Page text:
Hello Again is my latest paranormal mystery/thriller. One aspect I explore is the thin veneer of rationality we coat ourselves with. Underneath, we haven’t changed that much from the primitive caveman who thought the gods were angry when he heard thunder. One character in Hello Again remarks that it was easy to believe in the paranormal living in a small eastern European village at the turn of the nineteenth century. It’s quite another to accept the paranormal as normal when living in a large American city at a time when NASA is recruiting people for a one-way trip to Mars.
Rational? How many sports fans won’t change from their lucky shirt if their team is on a winning streak. How many gamblers won’t change seats at the gaming table if they are winning? What about the number 13. How much do you feel like crossing the spirits and taking a chance?
Hello Again illustrates that it really doesn’t take much to cause people to fall back into a belief in the supernatural. While many people now say they are not religious, that doesn’t mean they don’t utter a silent prayer when waiting for the results of a lottery or when sitting in the waiting room of a hospital.
So, what would you do if you suddenly started receiving text messages from someone who you know is dead, especially if the technology experts say they can’t explain it?
Several centuries ago there were no printing presses. Monks and scribes struggled for years to produce books. So, few books and few readers. There was an explosion of books with the invention of the printing press, but not that many readers initially. How things have changed! Today anyone can publish a book that looks great. Bloggers are deluged to review hundreds of books. Everyone seems to be writing books– certainly every celebrity and sports star. I grapple as a novelist with finding readers since I don’t have a big 5 publisher behind me providing marketing help.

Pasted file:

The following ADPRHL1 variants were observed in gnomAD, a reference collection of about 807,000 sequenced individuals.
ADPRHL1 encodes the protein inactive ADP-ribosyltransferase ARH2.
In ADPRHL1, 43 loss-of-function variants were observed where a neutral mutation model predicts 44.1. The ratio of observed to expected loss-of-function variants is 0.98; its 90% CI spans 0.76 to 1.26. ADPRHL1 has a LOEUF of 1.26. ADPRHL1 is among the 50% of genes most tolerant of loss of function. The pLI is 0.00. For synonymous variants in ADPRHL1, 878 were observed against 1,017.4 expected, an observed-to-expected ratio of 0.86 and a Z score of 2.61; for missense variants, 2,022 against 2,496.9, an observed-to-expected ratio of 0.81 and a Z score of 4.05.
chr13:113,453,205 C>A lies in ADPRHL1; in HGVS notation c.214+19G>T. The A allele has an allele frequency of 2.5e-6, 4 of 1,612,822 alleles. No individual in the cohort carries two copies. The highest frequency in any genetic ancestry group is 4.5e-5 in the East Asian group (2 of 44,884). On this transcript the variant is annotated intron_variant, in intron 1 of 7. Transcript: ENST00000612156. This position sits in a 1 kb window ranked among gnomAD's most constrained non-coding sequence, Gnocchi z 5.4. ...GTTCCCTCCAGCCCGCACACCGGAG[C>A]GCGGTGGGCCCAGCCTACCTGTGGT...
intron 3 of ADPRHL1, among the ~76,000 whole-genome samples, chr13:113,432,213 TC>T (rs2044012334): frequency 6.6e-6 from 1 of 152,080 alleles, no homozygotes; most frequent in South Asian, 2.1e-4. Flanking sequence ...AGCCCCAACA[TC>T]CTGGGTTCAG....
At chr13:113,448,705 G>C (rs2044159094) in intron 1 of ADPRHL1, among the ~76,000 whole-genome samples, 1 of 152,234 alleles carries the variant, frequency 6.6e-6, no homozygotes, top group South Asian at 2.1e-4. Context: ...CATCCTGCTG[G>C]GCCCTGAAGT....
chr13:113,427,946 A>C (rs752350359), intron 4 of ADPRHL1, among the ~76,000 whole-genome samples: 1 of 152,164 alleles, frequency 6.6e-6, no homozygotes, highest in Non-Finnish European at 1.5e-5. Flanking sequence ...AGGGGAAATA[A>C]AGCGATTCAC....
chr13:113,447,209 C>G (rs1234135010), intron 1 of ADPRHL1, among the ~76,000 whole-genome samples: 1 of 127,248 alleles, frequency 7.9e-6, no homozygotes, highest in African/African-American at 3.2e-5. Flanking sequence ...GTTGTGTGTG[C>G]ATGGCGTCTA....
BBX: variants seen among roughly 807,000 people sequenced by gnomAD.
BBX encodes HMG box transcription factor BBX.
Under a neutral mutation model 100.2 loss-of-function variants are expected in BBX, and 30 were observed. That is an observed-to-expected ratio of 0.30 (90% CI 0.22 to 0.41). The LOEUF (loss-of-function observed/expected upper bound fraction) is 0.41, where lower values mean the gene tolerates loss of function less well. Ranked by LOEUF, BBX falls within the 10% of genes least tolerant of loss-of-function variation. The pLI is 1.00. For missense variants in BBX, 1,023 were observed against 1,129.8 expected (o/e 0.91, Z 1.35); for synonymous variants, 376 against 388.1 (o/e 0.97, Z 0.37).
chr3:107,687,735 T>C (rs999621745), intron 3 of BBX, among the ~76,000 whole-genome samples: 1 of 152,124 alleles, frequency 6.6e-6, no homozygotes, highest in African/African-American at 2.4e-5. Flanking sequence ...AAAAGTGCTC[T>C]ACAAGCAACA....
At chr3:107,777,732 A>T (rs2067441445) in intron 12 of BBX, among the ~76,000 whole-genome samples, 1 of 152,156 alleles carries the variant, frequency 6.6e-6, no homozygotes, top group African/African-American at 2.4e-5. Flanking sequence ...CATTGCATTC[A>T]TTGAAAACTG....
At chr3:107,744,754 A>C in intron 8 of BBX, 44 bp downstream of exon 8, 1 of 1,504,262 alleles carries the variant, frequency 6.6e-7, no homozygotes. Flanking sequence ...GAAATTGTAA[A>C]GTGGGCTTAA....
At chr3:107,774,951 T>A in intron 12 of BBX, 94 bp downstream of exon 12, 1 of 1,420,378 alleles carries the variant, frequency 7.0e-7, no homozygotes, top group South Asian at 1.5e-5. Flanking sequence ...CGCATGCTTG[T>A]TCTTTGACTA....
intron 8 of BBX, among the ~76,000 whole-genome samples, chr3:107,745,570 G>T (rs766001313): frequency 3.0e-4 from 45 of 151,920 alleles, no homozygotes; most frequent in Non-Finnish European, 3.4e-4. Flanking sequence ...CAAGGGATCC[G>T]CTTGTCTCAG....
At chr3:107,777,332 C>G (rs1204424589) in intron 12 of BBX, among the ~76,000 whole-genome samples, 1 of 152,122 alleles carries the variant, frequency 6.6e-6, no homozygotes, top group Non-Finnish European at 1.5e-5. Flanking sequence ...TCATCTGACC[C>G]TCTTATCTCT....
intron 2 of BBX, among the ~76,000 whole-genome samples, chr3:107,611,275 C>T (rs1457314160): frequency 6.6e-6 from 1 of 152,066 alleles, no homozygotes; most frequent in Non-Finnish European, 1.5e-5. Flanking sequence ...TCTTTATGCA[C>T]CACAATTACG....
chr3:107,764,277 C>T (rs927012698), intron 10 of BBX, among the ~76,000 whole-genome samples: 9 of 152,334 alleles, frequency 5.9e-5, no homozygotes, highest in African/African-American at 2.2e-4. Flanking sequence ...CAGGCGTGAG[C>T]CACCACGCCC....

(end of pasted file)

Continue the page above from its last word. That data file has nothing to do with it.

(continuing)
Because I have a paranormal thriller coming out later this year (Hello Again), I’ve begun to prepare a very detailed marketing campaign. It’s taken me more hours than I care to admit to put together a list of bloggers who seem to enjoy books similar to mine. I’ve added lists of reviewers of my previous books, as well as friends and former colleagues.
I also have prepared a budget and targeted various marketing companies that specialize in finding reviewers and getting the word out. The problem is that marketing tools and trends are changing faster than I can keep up with. I’m being told now that Facebook, Twitter, and LinkedIn are not enough. I need to dive into Instagram, Snapshot, and Periscope.
I’m not going to take that particular leap yet, but I’ll let you know what kind of success I have using a pretty detailed traditional marketing plan.